1 Change Thinking toward Nanoarchitectonics 1Katsuhiko Ariga andMasakazu Aono 1.1 From Nanotechnology to Nanoarchitectonics 1 1.2 Way of Nanoarchitectonics 2 1.3 Materials Nanoarchitectonics 3 References 4 Part I Zero- and One-Dimensional Nanoarchitectonics 7 2 Architectonics in Nanoparticles 9Qingmin Ji, Xinbang Liu, and Ke Yin 2.1 Introduction 9 2.2 Soft Nanoparticles 10 2.2.1 Smart Polymer Nanoparticles 10 2.2.1.1 Multi-Responsive Polymer Nanoparticles for Biological Therapy 10 2.2.1.2 Optoelectrical Polymer Nanoparticles 12 2.2.2 Nanoparticles from Biomimetic Assembly 13 2.3 Hierarchical Architecturing of Solid Nanoparticles 15 2.3.1 Porous Nanoparticles 15 2.3.2 Layered Nanoparticles 19 2.4 Janus (Asymmetric) Nanoparticles 21 2.5 Functional Architectures on the Surface of Nanoparticles 23 2.6 Summary 24 References 25 3 Aspects of One-Dimensional Nanostructures: Synthesis, Characterization, and Applications 33Amit Dalui, Ali Hossain Khan, Bapi Pradhan, Srabanti Ghosh, and Somobrata Acharya 3.1 Introduction 33 3.2 Synthesis of NCs 35 3.2.1 Organometallic Synthesis Method 37 3.2.2 Single-Source Molecular Precursor Methods 37 3.2.3 Solvothermal/HydrothermalMethods 39 3.2.4 Template-Assisted Growth Methods 39 3.3 Growth Mechanisms of 1D Nanocrystals 40 3.3.1 Solution–Liquid–Solid (SLS) Growth Approach 40 3.3.2 Oriented Attachment Growth Mechanism 40 3.3.3 Kinetically Induced Anisotropic Growth 42 3.3.3.1 Surface Energy and Selective Ligand Adhesion 42 3.3.3.2 Influence of the Phase of the Crystalline Seed Materials 43 3.3.3.3 Interplay betweenThermodynamic or Kinetic Growth Regimes 43 3.4 Post-SyntheticModification 44 3.4.1 Post-Synthetic Surface Modification 44 3.4.2 Post-Synthetic Chemical Transformation of NCs 47 3.5 Essential Characterization Techniques 48 3.6 Promising Applications of 1D NCs 50 3.6.1 Optical Polarization 50 3.6.2 Field-Effect Transistors 54 3.6.3 Photovoltaic Applications 57 3.6.4 Photodetection and Sensing 60 3.6.5 Catalysis 62 3.7 Summary and Conclusions 65 References 66 4 Tubular Nanocontainers for Drug Delivery 85Yusuf Darrat, Ekaterina Naumenko, Giuseppe Cavallaro, Giuseppe Lazzara, Yuri Lvov, and Rawil Fakhrullin 4.1 Introduction 85 4.2 Carbon Nanotubes for Drug Delivery 86 4.2.1 Characteristics of Carbon Nanotubes 86 4.2.2 Functionalization of CNTs for Drug Delivery 87 4.2.3 Uptake of Carbon Nanotubes 87 4.2.4 Hybrid Materials 88 4.2.5 Vaccine Treatment 89 4.2.6 Cancer Treatment 90 4.2.7 Gene Therapy 90 4.2.8 Toxicity 90 4.3 Halloysite-Nanotube-Based Carriers for Drug Delivery 91 4.3.1 Halloysite Nanotubes: A Biocompatible Clay with Drug Delivery Capacity 91 4.3.2 Modified Halloysite Nanotubes with a Time-Extended Effect on the Drug Release 91 4.3.3 Covalently Functionalized Halloysite Nanotubes as Drug Delivery Systems Sensitive to Specific External Stimuli 93 4.3.4 Hybrids Based on Halloysite Nanotubes as Dual Drug Delivery Systems 94 4.4 Tubular Nanosized Drug Carriers: Uptake Mechanisms 95 4.5 Conclusions 100 References 102 Part II Two-Dimensional Nanoarchitectonics 109 5 Graphene Nanotechnology 111Katsunori Wakabayashi 5.1 Introduction 111 5.2 Electronic States of Graphene 112 5.3 Graphene Nanoribbons and Edge States 112 5.4 Spintronic Properties of Graphene 115 5.4.1 Electric Field Induced Half-Metallicity 117 5.5 Summary 119 References 120 6 Nanoarchitectonics of Multilayer Shells toward Biomedical Application 125Wei Cui and Junbai Li 6.1 Introduction 125 6.2 Hollow-Structured Multilayers 126 6.3 Multilayer Shells on Template 130 6.4 Summary and Outlook 135 Acknowledgments 135 References 136 7 Layered Nanoarchitectonics with Layer-by-Layer Assembly Strategy for Biomedical Applications 141Wei Qi and Jing Yan 7.1 Layer-by-Layer Assembly Technique 142 7.1.1 Basics of LbL 142 7.1.2 Dipping Coating 142 7.1.3 Spin Coating 143 7.1.4 Spray Coating 144 7.2 LbL-Assembled Layer Architectures with Tunable Properties 144 7.3 The Application of the LbL-Assembled Layer Architectures in Biomedicine 146 7.3.1 Biosensing 146 7.3.2 Drug Delivery 148 7.3.3 Cellular and Tissue Engineering 148 7.4 Summary and Outlook 149 Acknowledgment 150 References 150 8 Emerging 2D Materials 155Ken Sakaushi 8.1 Introduction 155 8.2 Revisiting Uniqueness of Graphene as the Archetype of 2D Materials Systems 155 8.3 Emerging 2D Materials 158 8.4 Remarks 162 Acknowledgment 162 References 162 Part III Three-Dimensional and Hierarchic Nanoarchitectonics 165 9 Self-Assembly and Directed Assembly 167Hejin Jiang, Yutao Sang, Li Zhang, andMinghua Liu 9.1 Introduction 167 9.2 Amphiphile Self-Assembly 169 9.3 ?-Conjugated Molecule Self-Assembly 170 9.4 Peptide Self-Assembly 172 9.5 Self-Assembly of Block Polymers 173 9.5.1 Directed Self-Assembly (DSA) of BCPs 173 9.5.2 Magnetic Fields Directing the Alignment of BCPs 175 9.6 DNA-Directed Self-Assembly 176 9.7 Directed Self-Assembly of Nanoparticles 179 9.8 LB-Technique-Directed Alignment of Nanostructures 181 9.9 Conclusions 182 References 183 10 Functional Porous Materials 187Watcharop Chaikittisilp 10.1 Introduction 187 10.2 Classification of Porous Materials 188 10.3 Functional Frameworks: from Inorganic, through Organic, to Inorganic–Organic 190 10.4 Summary and Outlook 195 References 196 11 Integrated Composites and Hybrids 199Shenmin Zhu, Hui Pan, and Mengdan Xia 11.1 3D Hybrid Nanoarchitectures Assembled from 0D and 2D Nanomaterials 199 11.2 3D Hybrid Nanoarchitectures Assembled from 1D and 2D Nanomaterials 201 11.3 3D Hybrid Nanoarchitectures Assembled from 2D and 2D Nanomaterials 203 11.4 Other Approaches to 3D Hybrid Nanoarchitectures 205 11.5 Conclusion 207 References 208 12 Shape-MemoryMaterials 209Koichiro Uto 12.1 Introduction 209 12.2 Fundamentals of Shape-Memory Effect in Polymers 211 12.3 Categorization of Shape-Memory Polymers on the Basis of Nanoarchitectonics 212 12.4 Shape-Memory Polymers with Different Architectures 213 12.5 New Directions in the Field of Shape-Memory Polymers 216 12.6 Conclusions 217 References 219 Part IV Materials Nanoarchitectonics for Application 1: Physical and Chemical 221 13 Optically Active Organic Field-Effect Transistors 223YutakaWakayama 13.1 Introduction 223 13.2 Phototransistors 224 13.2.1 Single-Crystal-Based and Nanowire-Based Phototransistors 224 13.2.2 Thin-Film-Based Phototransistors 226 13.3 Photochromism in OFETs 227 13.3.1 Interface Engineering 228 13.3.2 Doping in Channel/Dielectric Layers 229 13.3.3 PhotochromicThin Film as Transistor Channel 230 13.3.4 Laser Patterning of Electric Circuits 232 13.4 Summary and Perspectives 235 References 236 14 Efficient Absorption of Sunlight Using Resonant Nanoparticles for Solar Heat Applications 241Satoshi Ishii, Kai Chen, Ramu P. Sugavaneshwar, Hideo Okuyama, Thang D. Dao, Satish L. Shinde,Manpreet Kaur,Masahiro Kitajima, and Tadaaki Nagao 14.1 Introduction 241 14.2 Electromagnetic Analysis for Finding the Resonance Conditions of Nanoparticles 243 14.3 Plasmon Resonance Nanoparticles for Sunlight Absorption 243 14.3.1 Analytical Calculations 243 14.3.2 Experiments 245 14.4 Mie Resonance Nanoparticles for Sunlight Absorption 246 14.4.1 Analytical Calculations 246 14.4.2 Experiments 247 14.5 Applications of Resonant Nanoparticles 249 14.6 Summary 250 Acknowledgments 251 References 251 15 Nanoarchitectonics Approach for Sensing 255Katsuhiko Ariga 15.1 Introduction 255 15.2 Layered Mesoporous Carbon Sensor 256 15.3 Layered Graphene Sensor 257 15.4 Hierarchic Carbon Capsule Sensor 258 15.5 Cage-in-Fiber Sensor 260 15.6 Summary 262 References 262 16 Self-Healing 265Takeshi Sato andMitsuhiro Ebara 16.1 Introduction 265 16.2 History of Self-Healing Materials 266 16.3 Dynamic Cross-links to Construct a Self-Healing Hydrogel Network 267 16.3.1 Host–Guest Interactions 267 16.3.2 Electrostatic Interactions 268 16.3.3 Metal–Ligand Interactions 268 16.4 Further Applications of Self-Healing Materials 269 16.4.1 Medical Applications 269 16.4.2 Application for Engineering 271 16.5 Conclusion 273 References 273 Part V Materials Nanoarchitectonics for Application 2: Biological and Biomedical 277 17 Materials Nanoarchitectonics: Drug Delivery System 279Yohei Kotsuchibashi 17.1 Introduction 279 17.1.1 Diagnosis from Tissues to the Organelles Using Nanomaterials 279 17.1.2 Current Thermoresponsive Drug Carriers 281 17.1.3 Smart Nanocarriers for Benzoxaborole-Based Drugs 284 17.2 Conclusion and Future Trends 287 References 287 18 Mechanobiology 291Jun Nakanishi 18.1 Introduction 291 18.2 Micropatterning Cellular Shape and Cluster Geometry 292 18.3 Dynamic Micropatterning Single Cells and Cell Collectives 294 18.4 Nanopatterning Cell–Extracellular Matrix Interactions 297 18.5 Concluding Remarks 299 References 300 19 Diagnostics 303Mitsuhiro Ebara 19.1 Introduction 303 19.2 Immunoassays 304 19.3 Nucleic Acid Tests 306 19.4 Stimuli-Responsive Biomarker Separations 306 19.5 Stimuli-Responsive Diagnostics in the DevelopingWorld 308 19.6 Conclusions 309 References 310 20 Immunoengineering 313Yasuhiro Nakagawa andMitsuhiro Ebara 20.1 Introduction 313 20.2 Immunoevasive Biomaterials 314 20.3 Immune-Activating Biomaterials 318 20.4 Immunosuppressive Biomaterials 321 20.5 Conclusions 324 References 324 Index 327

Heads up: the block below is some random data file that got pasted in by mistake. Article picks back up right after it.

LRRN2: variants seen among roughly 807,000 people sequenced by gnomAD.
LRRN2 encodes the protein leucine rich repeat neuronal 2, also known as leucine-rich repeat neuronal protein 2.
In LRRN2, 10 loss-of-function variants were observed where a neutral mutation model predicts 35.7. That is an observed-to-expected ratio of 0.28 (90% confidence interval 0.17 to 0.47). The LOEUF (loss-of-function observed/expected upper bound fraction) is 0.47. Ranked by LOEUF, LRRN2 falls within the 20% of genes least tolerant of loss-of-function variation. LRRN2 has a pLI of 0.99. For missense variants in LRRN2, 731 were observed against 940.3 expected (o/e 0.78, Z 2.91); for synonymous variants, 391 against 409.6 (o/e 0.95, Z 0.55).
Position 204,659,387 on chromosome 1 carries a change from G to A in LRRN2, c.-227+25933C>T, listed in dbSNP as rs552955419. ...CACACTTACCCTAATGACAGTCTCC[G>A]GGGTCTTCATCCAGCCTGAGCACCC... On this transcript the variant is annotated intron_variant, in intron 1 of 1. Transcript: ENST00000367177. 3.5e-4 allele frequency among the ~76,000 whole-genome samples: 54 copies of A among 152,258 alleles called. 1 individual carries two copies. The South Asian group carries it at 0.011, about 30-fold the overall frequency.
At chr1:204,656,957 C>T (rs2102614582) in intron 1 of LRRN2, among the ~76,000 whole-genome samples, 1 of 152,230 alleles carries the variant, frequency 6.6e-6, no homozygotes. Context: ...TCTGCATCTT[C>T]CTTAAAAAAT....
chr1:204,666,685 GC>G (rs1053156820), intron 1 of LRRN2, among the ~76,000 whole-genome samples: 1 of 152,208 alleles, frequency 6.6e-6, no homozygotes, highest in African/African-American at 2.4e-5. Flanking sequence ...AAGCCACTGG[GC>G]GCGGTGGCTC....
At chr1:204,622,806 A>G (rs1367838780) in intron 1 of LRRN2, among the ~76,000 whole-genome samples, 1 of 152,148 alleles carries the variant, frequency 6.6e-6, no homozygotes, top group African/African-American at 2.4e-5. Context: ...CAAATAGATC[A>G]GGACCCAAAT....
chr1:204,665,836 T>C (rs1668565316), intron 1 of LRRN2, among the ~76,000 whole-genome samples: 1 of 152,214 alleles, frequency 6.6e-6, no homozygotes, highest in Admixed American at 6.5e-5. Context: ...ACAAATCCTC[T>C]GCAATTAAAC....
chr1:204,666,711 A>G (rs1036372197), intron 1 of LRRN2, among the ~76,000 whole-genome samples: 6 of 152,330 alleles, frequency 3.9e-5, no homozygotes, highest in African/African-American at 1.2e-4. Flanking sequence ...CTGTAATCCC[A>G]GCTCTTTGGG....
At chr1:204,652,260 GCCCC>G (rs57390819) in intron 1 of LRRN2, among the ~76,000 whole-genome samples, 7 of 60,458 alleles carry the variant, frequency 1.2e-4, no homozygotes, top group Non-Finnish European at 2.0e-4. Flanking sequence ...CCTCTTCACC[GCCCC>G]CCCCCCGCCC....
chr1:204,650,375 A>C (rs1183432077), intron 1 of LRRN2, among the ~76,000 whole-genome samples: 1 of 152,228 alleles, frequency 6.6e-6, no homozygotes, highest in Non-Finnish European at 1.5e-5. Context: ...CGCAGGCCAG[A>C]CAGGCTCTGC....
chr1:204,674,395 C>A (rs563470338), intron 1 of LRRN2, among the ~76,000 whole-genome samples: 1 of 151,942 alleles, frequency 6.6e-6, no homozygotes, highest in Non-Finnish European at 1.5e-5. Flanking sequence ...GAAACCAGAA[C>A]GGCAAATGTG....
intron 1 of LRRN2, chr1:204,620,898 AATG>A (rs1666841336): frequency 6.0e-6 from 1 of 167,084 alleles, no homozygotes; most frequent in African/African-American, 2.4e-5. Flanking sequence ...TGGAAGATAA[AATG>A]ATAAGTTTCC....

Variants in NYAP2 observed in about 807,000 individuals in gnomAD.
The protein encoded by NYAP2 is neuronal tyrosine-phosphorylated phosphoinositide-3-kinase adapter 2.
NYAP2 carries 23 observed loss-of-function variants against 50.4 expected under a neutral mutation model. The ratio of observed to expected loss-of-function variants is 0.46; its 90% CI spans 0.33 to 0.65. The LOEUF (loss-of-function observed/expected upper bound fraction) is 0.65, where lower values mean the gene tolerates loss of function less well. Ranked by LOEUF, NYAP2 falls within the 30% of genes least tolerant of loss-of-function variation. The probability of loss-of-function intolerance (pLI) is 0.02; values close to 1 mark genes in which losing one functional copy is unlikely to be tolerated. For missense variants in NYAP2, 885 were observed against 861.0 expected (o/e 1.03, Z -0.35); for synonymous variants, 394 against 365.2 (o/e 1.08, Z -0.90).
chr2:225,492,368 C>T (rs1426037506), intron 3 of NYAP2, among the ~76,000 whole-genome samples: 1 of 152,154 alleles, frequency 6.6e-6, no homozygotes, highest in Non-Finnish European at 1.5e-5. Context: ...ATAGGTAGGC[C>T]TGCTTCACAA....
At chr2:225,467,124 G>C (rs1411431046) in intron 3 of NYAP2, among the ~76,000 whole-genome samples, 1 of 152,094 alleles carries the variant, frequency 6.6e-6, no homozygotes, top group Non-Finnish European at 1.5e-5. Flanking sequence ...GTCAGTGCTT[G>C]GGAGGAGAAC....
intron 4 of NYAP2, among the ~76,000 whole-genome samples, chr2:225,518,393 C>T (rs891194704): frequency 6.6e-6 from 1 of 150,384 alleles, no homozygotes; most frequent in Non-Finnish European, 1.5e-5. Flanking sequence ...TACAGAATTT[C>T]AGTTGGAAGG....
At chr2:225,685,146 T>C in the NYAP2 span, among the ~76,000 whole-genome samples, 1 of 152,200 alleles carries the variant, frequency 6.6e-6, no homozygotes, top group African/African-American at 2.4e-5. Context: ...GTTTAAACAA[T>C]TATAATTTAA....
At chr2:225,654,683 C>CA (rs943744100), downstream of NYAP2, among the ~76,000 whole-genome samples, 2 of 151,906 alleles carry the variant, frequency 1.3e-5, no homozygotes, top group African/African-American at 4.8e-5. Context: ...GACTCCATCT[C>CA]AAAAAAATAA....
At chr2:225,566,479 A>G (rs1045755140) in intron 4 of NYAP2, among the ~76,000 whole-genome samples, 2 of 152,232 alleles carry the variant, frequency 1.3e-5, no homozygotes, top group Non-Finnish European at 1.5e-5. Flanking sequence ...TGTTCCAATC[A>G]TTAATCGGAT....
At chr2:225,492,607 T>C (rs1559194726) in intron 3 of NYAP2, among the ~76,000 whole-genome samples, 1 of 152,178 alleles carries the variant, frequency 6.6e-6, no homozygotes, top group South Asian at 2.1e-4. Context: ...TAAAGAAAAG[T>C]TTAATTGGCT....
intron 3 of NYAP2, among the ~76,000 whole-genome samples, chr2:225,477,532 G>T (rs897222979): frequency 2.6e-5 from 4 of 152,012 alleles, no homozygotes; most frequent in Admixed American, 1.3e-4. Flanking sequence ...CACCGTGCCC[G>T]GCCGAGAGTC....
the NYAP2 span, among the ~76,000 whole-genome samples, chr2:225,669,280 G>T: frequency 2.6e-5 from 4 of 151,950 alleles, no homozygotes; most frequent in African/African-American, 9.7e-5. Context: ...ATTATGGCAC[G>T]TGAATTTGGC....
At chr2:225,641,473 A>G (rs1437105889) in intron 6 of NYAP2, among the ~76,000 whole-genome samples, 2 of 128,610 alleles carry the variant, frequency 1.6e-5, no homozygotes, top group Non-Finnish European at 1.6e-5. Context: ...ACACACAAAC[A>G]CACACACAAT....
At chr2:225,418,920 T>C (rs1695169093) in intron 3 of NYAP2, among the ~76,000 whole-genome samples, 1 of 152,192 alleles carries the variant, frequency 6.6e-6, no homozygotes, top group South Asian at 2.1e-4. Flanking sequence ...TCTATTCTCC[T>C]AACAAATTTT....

Dr. Katsuhiko Ariga is the Director of Supermolecules Unit and Principal Investigator of World Premier International (WPI) Research Center for Materials Nanoarchitectonics (MANA), the National Institute for Materials Science (NIMS), Japan. He received his B.Eng., M.Eng., and Ph.D. degrees from the Tokyo Institute of Technology (TIT). He was Assistant Professor at TIT, worked as a postdoctoral fellow at the University of Texas at Austin, USA, and then served as a group leader in the Supermolecules Project at Japan Science and Technology Agency (JST). Thereafter, Dr. Ariga worked as Associate Professor at the Nara Institute of Science and Technology, and then became involved with the ERATO Nanospace. Dr. Mitsuhiro Ebara is Principal Investigator in the Mechanobiology Group at the National Institute for Materials Science (NIMS), Japan.
A unique overview of the manufacture of and applications for materials nanoarchitectonics, placing otherwise hard-to-find information in context. Edited by highly respected researchers from the most renowned materials science institute in Japan, the first part of this volume focuses on the fabrication and characterization of zero to three-dimensional nanomaterials, while the second part presents already existing as well as emerging applications in physics, chemistry, biology, and biomedicine.